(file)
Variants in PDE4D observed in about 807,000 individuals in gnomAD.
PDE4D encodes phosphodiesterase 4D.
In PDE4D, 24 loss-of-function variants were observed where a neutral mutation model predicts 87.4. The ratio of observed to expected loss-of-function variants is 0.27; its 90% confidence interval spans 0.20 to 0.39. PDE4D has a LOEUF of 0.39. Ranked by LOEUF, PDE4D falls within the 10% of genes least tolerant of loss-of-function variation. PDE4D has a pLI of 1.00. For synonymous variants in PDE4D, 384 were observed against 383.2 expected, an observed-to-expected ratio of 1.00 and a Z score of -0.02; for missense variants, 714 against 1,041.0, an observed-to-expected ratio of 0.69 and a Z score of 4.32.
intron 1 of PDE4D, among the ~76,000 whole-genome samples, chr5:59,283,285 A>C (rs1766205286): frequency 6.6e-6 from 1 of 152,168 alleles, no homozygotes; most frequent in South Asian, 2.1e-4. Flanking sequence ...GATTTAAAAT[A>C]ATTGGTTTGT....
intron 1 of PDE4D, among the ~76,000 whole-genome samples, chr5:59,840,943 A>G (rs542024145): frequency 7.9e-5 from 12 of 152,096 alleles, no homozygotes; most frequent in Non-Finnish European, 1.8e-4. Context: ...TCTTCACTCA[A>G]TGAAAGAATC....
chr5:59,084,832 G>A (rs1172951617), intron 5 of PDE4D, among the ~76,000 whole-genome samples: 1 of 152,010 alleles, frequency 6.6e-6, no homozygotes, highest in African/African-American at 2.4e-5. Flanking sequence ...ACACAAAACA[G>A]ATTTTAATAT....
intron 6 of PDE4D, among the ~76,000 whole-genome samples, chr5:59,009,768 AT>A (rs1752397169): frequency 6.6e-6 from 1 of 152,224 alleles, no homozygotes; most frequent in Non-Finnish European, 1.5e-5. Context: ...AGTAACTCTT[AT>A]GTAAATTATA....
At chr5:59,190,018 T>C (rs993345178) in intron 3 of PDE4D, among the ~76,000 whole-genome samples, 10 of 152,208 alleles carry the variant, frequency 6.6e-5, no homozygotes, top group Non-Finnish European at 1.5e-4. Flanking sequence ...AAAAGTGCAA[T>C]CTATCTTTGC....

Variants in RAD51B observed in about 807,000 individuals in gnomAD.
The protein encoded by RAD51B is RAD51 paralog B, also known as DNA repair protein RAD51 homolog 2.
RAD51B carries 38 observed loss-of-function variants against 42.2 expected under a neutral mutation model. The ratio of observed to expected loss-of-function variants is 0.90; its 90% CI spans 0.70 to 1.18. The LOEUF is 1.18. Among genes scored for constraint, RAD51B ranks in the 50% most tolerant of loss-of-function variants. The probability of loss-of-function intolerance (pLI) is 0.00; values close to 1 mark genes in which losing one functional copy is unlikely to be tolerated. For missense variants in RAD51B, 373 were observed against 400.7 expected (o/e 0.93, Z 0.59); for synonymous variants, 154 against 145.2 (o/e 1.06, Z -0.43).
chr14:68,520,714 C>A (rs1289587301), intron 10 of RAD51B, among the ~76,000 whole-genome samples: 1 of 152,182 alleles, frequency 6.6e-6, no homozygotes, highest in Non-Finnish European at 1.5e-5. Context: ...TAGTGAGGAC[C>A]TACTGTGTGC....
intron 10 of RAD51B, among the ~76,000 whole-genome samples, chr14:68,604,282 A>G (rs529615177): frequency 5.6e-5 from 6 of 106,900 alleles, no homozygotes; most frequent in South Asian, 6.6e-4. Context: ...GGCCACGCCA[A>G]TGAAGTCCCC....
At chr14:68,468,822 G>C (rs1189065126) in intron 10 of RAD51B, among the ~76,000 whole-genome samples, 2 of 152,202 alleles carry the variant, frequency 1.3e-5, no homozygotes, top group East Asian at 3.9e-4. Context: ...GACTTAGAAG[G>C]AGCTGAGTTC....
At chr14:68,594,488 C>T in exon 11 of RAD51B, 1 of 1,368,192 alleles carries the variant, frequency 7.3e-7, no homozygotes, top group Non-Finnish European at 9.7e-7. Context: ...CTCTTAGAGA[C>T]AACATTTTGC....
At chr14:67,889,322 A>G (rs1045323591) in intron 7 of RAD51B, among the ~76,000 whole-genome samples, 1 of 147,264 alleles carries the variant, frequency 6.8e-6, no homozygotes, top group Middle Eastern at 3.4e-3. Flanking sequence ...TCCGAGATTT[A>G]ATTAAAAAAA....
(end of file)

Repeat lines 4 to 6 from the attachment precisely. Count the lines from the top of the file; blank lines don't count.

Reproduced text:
intron 1 of PDE4D, among the ~76,000 whole-genome samples, chr5:59,283,285 A>C (rs1766205286): frequency 6.6e-6 from 1 of 152,168 alleles, no homozygotes; most frequent in South Asian, 2.1e-4. Flanking sequence ...GATTTAAAAT[A>C]ATTGGTTTGT....
intron 1 of PDE4D, among the ~76,000 whole-genome samples, chr5:59,840,943 A>G (rs542024145): frequency 7.9e-5 from 12 of 152,096 alleles, no homozygotes; most frequent in Non-Finnish European, 1.8e-4. Context: ...TCTTCACTCA[A>G]TGAAAGAATC....
chr5:59,084,832 G>A (rs1172951617), intron 5 of PDE4D, among the ~76,000 whole-genome samples: 1 of 152,010 alleles, frequency 6.6e-6, no homozygotes, highest in African/African-American at 2.4e-5. Flanking sequence ...ACACAAAACA[G>A]ATTTTAATAT....